All passengers killed in Venezuela's air crash were French tourists

Eight Colombian crew members from the West Caribbean Airways are also among the dead

As Venezuelan investigators try to determine what caused the crash of the Colombian plane on Tuesday morning, the West Caribbean Airways company confirmed yesterday that all the 152 passengers killed in the accident were French tourists travelling from Panama to the French Caribbean island of Martinique. Also 8 crew members of Colombian origin died in what is considered the deadliest crash in Venezuelan history.

Early investigations confirmed that both engines of the Mc Donnell Douglas 82 jet failed as it comes out from a message issued by the pilot minutes before crashing the Andean mountains of Sierra de Perija. Seats, pillows, and smoldering wreckage were strewn across a pasture dotted with trees among cattle ranches near the border with Colombia. The plane's tail jutted from the ground.

Somber-faced rescue workers collected body parts and pieces of bone that lay near charred trees. "I was struck by all of the victims and the massive destruction," rescue worker Jose Pena told the local press.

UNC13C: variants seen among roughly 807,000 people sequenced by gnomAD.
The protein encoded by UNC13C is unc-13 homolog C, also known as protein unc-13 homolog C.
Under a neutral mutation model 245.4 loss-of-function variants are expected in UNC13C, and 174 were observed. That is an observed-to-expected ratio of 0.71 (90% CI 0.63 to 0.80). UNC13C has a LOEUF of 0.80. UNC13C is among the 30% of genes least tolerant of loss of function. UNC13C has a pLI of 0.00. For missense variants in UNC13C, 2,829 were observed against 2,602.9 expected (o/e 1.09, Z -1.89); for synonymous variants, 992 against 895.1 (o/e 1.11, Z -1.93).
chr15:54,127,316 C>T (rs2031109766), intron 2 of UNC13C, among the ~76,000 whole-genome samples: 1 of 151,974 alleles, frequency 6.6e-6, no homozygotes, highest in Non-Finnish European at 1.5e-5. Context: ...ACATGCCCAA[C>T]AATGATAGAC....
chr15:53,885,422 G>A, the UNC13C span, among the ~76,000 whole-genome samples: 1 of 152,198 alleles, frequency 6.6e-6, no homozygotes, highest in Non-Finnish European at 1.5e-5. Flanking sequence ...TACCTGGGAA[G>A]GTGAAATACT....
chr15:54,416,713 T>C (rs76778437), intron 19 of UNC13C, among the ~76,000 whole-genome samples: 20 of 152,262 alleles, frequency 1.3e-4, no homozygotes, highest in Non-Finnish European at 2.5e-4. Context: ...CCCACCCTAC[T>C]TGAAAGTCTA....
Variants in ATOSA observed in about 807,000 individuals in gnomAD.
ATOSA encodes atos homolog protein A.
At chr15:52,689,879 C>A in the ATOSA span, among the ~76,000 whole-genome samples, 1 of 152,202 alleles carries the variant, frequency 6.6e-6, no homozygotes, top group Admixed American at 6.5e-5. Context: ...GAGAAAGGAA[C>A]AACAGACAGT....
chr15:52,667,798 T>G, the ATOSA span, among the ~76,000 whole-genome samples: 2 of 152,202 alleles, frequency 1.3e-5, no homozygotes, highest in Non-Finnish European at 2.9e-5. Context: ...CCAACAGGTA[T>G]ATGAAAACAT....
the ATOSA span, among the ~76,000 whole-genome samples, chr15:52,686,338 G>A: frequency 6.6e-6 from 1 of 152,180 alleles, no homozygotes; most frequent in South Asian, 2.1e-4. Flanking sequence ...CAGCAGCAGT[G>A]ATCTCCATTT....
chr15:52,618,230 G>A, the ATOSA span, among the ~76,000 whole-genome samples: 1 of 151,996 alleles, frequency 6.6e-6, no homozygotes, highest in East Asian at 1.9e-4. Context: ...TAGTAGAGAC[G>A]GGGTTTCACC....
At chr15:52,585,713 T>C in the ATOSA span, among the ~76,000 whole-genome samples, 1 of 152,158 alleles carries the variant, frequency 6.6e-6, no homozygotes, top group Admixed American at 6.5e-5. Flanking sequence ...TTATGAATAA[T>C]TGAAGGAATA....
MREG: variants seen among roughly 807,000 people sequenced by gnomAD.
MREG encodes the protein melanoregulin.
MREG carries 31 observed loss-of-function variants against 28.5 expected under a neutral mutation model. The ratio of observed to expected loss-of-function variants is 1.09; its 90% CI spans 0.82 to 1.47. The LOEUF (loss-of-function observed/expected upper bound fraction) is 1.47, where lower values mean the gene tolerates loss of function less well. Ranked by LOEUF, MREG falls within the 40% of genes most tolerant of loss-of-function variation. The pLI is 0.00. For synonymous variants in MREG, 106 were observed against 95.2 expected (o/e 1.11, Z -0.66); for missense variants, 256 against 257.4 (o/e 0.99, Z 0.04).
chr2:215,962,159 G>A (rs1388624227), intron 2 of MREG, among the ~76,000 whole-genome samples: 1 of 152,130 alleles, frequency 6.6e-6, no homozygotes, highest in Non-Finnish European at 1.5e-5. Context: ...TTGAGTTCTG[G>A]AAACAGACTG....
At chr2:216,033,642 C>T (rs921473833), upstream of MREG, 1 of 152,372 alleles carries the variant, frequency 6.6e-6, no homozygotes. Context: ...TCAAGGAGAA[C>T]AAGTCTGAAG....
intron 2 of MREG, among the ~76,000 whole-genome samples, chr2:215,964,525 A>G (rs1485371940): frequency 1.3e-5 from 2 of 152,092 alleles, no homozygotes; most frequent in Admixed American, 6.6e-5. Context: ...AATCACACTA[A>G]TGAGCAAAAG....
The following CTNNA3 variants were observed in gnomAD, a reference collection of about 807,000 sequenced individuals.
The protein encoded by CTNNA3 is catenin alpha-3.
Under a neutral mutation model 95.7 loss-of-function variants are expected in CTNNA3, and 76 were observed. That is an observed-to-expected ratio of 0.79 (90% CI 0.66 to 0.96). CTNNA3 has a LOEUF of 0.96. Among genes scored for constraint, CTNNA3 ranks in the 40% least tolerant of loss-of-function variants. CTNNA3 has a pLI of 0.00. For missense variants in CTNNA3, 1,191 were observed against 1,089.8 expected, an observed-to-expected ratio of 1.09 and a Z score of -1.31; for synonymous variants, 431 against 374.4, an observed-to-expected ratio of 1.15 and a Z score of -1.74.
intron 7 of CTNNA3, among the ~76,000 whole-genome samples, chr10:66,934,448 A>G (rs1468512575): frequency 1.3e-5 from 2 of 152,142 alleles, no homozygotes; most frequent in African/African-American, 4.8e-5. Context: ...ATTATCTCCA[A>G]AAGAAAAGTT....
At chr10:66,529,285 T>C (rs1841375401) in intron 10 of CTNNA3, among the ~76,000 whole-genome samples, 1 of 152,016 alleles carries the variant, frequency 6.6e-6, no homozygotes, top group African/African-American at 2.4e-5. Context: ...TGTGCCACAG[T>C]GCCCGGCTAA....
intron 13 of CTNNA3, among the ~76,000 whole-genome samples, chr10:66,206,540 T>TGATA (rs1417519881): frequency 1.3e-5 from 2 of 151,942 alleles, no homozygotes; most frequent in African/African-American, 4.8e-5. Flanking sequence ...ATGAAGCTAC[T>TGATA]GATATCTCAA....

The air crash in Venezuela: Photo gallery

As the plane developed problems hours before dawn Tuesday, the Colombian pilot radioed a nearby airport in Maracaibo requesting permission to descend from 33,000 feet to 14,000 feet, Venezuelan Interior Minister Jesse Chacon said. Investigators believe the jet fell into a steep descent minutes later, plunging about 7,000 feet a minute before slamming into the ground, Chacon said.

Venezuelan President Hugo Chavez phoned his French counterpart Jacques Chirac and Colombian leader Alvaro Uribe to express his condolences. "We are very saddened by this tragedy," Chavez said, saying both engines appeared to have simply "turned off."

According to some reports some descendants from the workers who built the Panama Canal a century ago were among the dead. Alina Guerrero, a spokeswoman for Panama's Foreign Ministry said the group chartered the flight as part of a program to visit descendants of the Caribbean immigrants who came to Panama to construct the canal.

West Caribbean Airways has a record of other mechanical problems and financial troubles, but airline officials insisted they did not cut corners on safety. The Colombian airline, based in Medellin, began service in 1998.

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Author`s name Olga Savka